#5 Story
Sad Story for Cape Charles Storybook Cottage

Photo: Gertraud Fendler

2008 photo by Gertraud Fendler

Wave photo

2015 photo by Cape Charles Wave


June 1, 2015

Storybook cottages became popular in the 1920s and were meant to evoke a “Hansel and Gretel” image — a gingerbread house good enough to eat. But the example on Stone Road has become a horror story, with passing years recording theft and deterioration. The former gas station has been for sale for years, but the owner reportedly has an exaggerated idea of the property’s worth. Last year someone stole the copper roof elements, and now the copper window is gone. The orange plastic screen and plywood door add little.

Gertraud Fendler created the idealized top image in 2008, available at Ellen Moore Gallery. The Wave’s bottom image is also available by special request (but not at the Gallery).


Last March before the most recent destruction, Jim Duffy wrote about the cottage on his webpage “Secrets of the Eastern Shore”:

Some empty buildings are just that, unfortunate bits of neglected junk on the Eastern Shore landscape. Others are something else altogether—dilapidated, perhaps, but still graced with the ability to unravel fascinating secrets behind key turns in the life of the Shore—and even the country—in days gone by.

Take this old guy, for example. He stands on the outskirts of Cape Charles, just where you are finally making your way into town from the highway. With paint peeling, weeds growing, and that tattered for-sale sign in the parking lot, the building wears a sad face.

But despite all that, it still manages somehow to announce itself as a distinctive sort of structure. And that’s exactly what it is.

To those in the know, the building marks a fascinating chapter in a revolutionary development in American life and business, the birth of the automobile. As cars became more and more popular in the early years of the 20th century, the need for gas stations grew by leaps and bounds.

But gas stations did not become popular. In fact, people generally regarded them as filthy firetraps. They didn’t want gas stations located anywhere around their homes or businesses.

The way this building was designed changed all that. The self-trained architect Carl A. Petersen came up with the concept in 1926 for the Ohio-based Pure Oil Company. The general idea was to build a safe, efficient gas station that even the neighbors could love.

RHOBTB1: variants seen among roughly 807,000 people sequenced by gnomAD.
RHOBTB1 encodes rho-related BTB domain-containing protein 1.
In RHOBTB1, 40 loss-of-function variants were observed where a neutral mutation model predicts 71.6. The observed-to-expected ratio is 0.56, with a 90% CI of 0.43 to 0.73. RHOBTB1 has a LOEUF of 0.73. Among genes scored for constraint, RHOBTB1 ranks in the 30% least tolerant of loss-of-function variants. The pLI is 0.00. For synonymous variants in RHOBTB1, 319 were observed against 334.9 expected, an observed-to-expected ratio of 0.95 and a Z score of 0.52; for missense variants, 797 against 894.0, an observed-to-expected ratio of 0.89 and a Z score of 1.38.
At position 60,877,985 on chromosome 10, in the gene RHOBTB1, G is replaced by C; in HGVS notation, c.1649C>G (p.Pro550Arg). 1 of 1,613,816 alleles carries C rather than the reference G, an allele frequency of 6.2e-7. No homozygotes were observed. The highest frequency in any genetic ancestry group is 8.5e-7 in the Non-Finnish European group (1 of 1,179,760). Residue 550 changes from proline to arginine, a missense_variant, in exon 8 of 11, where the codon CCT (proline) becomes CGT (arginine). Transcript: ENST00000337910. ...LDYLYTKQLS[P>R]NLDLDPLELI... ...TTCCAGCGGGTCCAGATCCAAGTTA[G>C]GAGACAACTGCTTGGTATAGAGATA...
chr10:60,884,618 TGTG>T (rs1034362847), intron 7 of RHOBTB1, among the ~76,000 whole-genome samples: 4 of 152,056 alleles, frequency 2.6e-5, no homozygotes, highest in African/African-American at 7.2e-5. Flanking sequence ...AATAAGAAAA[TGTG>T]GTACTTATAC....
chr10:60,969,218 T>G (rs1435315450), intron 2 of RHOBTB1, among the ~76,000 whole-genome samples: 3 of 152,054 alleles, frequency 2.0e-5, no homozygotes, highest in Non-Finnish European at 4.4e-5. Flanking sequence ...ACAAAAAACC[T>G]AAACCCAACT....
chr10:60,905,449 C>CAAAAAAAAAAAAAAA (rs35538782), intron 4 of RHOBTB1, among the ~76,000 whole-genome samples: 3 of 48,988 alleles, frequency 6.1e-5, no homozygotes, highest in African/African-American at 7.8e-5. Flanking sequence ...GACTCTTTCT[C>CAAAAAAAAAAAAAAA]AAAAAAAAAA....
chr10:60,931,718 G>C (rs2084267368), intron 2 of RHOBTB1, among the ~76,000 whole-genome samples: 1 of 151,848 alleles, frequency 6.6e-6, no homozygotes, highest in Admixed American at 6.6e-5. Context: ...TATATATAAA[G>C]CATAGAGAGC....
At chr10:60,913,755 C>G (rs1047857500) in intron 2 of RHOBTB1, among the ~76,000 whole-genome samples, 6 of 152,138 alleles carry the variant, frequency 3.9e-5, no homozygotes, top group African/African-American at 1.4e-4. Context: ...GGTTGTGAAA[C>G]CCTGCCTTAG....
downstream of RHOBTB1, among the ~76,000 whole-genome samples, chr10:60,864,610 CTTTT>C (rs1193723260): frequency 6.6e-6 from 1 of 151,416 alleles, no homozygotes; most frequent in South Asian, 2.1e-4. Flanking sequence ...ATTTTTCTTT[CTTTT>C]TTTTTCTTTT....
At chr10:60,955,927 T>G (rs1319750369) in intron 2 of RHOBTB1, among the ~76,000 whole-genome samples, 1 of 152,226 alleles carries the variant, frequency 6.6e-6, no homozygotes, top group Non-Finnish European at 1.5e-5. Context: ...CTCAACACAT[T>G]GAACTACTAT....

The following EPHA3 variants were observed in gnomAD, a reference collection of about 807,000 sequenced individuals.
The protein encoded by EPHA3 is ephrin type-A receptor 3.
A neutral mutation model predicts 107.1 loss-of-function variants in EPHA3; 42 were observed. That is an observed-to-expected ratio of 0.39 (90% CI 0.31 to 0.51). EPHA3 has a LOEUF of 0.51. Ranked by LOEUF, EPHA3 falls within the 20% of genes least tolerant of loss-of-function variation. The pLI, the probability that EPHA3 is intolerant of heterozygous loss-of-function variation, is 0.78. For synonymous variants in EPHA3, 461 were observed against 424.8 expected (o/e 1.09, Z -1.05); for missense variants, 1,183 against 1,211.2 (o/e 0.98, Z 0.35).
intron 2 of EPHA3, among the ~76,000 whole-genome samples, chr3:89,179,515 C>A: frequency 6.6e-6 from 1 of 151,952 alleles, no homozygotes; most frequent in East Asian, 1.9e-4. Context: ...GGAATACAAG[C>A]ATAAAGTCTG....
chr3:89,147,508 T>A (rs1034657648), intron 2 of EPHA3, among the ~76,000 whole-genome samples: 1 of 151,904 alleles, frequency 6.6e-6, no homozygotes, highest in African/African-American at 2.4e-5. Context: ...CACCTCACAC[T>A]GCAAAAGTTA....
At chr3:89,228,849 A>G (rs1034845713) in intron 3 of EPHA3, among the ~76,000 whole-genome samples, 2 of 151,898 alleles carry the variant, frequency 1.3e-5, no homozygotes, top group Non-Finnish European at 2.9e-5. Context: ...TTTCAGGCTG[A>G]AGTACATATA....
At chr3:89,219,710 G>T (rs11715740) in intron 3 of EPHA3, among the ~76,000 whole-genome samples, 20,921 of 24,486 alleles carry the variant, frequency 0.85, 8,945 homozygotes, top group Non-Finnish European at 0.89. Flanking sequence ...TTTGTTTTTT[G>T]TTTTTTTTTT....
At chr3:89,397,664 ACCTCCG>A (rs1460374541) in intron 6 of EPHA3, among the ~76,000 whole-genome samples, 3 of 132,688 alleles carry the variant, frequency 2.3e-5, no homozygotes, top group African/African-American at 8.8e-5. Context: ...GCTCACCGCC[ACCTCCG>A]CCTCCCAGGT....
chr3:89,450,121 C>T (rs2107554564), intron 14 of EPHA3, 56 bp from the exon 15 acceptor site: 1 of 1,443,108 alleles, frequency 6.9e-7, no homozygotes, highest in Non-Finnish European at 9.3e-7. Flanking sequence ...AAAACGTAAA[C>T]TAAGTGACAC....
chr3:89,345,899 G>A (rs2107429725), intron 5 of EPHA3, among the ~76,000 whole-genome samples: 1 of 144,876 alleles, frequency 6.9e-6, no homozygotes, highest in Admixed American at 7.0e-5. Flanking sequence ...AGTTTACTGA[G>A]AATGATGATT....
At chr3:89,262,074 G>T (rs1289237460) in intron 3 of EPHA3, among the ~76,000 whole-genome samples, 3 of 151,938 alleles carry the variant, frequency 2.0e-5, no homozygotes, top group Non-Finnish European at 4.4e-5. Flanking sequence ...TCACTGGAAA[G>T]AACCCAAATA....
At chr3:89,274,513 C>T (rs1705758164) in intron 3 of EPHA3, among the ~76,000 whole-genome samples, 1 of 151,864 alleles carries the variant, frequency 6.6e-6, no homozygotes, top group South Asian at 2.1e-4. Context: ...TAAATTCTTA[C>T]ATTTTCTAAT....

Soon, just about every Pure Station around the country had this distinctive English Cottage design. Each was painted white and featured a sharply pitched roof topped with blue-enameled terra cotta. Back in the day, both chimneys would have been adorned with large “P”s. These were prefabricated buildings, made of steel and faced with brick or stucco. They were trimmed with faux shutters and cute flower boxes.

In the end, Petersen’s idea of transforming the gas station outgrew his original concept of placating neighbors. The distinctive architecture, common color scheme, and suburban design touches turned out to be a key first step for the entire oil industry toward what we would think of today as branding strategies.

Petersen’s cottages continued to be built into the 1950s. Ever since, they’ve been slowly but surely disappearing. The articles about them that I found don’t have a firm number on how many are left, but preservationists seem worried that more and more of them are disappearing. (CLICK to read full story)




5 Responses to “#5 Story
Sad Story for Cape Charles Storybook Cottage”

  1. Peggy Carlson Tabor on June 1st, 2015 1:59 pm

    In the early to mid 1950s, my grandfather, Burleigh Griffith, would load all us grandchildren in his pickup and drive us over to “Peg’s” (this gas station pictured) for a grape or orange Nehi. It wasn’t a very long drive since he owned and worked the adjoining farm. I don’t have any idea why we called it “Peg’s”, the obvious being that it belonged to someone named Peg.

  2. Bill Powell on June 1st, 2015 5:14 pm

    It may have been called “Peg’s” because for a time I think it was operated by Peg Lewis, of Cape Charles.

  3. Robin Brownley on June 1st, 2015 11:44 pm

    I know someone that has has has an original Pier gas station cash register that he would love to use. He is also a mason, and when he saw the brickwork he fell in love with the building and said he’d do the brick laying for a chance to use his register in the building.

  4. David Stiles on June 7th, 2015 9:46 pm

    My grandmother was, at one time, a short order cook at this station. I would hear the stories as a young boy, but now mostly forgotten. It’s a shame it has fallen to this state.

  5. Margot Gorske on June 25th, 2015 6:50 am

    I have loved this building and smile every time I drive by on my way to Food Lion. I imagine many romantic ways to salvage this lovely piece of architectural history. Hopefully Robin Brownley’s friend has the opportunity to restore the brick, the fireplace, and use his Pier gas station register!